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Deaths Prompt Wrestling Changes Ncaa Enacts New Rules Designed To Keep Wrestlers From Losing Too Much Weight Too Fast

Wed., Jan. 14, 1998

The NCAA, jarred by the recent deaths of three wrestlers trying to make their weight classes, announced rules changes Tuesday that put new restrictions on the ways wrestlers shed pounds to make weight.

Among the changes, effective immediately:

Wrestlers may not use saunas for water loss, and rubber suits and diuretics cannot be used for any reason. NCAA rules already bar laxatives, fluid restriction, self-induced vomiting, hot rooms, hot boxes and steam rooms for dehydration. The NCAA defined a hot room as a room with a temperature above 79 degrees.

For the rest of this season only, a 7-pound weight allowance has been added to all weight classes, which already have a 1-pound allowance.

For example, for the 118-pound class, wrestlers may weigh as much as 126 pounds. But as of Feb. 1, when the one-pound allowance ends, 7 pounds will be added to each weight class, making 125 pounds the upper limit of the 118-pound class. The rule is effective only for the rest of this season and is expected to be reviewed when NCAA rules officials meet in April.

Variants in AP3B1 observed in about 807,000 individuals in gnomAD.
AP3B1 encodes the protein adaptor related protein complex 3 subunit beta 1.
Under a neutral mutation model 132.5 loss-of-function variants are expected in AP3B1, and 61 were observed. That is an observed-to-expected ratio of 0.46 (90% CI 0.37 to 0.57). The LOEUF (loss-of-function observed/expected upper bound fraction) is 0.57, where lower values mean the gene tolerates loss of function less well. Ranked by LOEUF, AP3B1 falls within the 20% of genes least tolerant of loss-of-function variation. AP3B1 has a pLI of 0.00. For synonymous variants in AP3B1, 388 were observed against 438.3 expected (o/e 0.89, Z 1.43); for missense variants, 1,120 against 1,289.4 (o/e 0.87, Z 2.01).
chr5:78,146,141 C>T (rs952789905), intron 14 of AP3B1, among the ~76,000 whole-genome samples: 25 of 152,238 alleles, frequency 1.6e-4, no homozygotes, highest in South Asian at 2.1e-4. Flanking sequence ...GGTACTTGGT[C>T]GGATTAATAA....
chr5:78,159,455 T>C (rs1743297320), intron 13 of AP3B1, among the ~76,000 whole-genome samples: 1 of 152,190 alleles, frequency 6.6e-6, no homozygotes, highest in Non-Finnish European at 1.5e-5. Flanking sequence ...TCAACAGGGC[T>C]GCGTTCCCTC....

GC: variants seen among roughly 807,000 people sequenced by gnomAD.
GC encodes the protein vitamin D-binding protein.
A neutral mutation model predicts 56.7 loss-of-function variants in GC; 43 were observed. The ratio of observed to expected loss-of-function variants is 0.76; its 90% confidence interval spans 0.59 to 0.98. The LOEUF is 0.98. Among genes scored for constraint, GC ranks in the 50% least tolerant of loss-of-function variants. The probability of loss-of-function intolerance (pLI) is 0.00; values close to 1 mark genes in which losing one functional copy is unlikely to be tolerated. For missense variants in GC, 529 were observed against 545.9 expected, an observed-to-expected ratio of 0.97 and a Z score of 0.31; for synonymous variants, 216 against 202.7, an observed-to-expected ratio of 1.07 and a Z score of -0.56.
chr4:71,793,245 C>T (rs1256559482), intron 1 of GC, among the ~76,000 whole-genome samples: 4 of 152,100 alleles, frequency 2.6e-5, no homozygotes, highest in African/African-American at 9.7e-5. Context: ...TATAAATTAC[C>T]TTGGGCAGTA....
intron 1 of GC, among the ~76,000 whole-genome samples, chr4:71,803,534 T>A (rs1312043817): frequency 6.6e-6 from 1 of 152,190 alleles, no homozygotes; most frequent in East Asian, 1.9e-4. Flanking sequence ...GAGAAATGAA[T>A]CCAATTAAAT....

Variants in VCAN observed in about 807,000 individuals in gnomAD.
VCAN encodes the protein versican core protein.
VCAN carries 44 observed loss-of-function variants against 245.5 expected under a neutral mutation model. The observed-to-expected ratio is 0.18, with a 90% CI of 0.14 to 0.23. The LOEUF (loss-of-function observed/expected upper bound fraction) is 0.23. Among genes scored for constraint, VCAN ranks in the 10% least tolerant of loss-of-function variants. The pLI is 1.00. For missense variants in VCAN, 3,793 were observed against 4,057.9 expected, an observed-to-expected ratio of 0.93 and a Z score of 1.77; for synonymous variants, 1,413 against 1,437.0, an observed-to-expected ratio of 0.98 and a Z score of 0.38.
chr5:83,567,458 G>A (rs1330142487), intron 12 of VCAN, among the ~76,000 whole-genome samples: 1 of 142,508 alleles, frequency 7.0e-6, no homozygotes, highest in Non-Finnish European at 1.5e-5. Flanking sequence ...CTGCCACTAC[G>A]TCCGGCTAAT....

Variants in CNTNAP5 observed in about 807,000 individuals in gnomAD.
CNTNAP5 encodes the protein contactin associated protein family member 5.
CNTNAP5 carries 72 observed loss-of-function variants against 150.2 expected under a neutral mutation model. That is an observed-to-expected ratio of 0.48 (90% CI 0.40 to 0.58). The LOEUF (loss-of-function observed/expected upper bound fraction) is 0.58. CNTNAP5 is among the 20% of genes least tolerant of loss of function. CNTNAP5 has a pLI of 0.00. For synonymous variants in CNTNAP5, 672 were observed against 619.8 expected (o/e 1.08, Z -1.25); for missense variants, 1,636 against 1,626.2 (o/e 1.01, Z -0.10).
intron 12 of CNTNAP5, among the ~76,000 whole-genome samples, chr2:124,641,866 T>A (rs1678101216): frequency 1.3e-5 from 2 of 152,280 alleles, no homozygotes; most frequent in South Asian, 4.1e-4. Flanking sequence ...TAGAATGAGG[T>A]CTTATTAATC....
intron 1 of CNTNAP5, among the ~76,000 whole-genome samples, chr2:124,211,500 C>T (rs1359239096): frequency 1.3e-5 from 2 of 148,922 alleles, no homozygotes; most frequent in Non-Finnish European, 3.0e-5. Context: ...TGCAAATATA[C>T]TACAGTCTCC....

Wrestlers may compete only in weight classes in which they competed on or before Jan. 7.

All weigh-ins will be held no more than 2 hours before a match, cutting down the time athletes have to lose weight.

“With less recovery time after weigh-in, a person who is using his head knows if he has to cut too much weight, he’s not going to perform on the mat,” said Marty Benson, playing rules liaison to the NCAA Wrestling Rules Committee.

Dan Gable, who took this year off as coach at Iowa after leading the Hawkeyes to 15 national titles in 21 years as coach, said the changes were overdue, but praised them anyway.

“It’s been a long month trying to get some of these changes,” said Gable. “I didn’t realize how much protocol you had to go through to get what we thought were emergency changes. It’s better late than never. It will help the individual and the sport.”

The most recent victim was 21-year-old Jeff Reese of the University of Michigan. He died in December of kidney failure and a heart malfunction while wearing a rubber suit and riding a stationary bike to lose weight.

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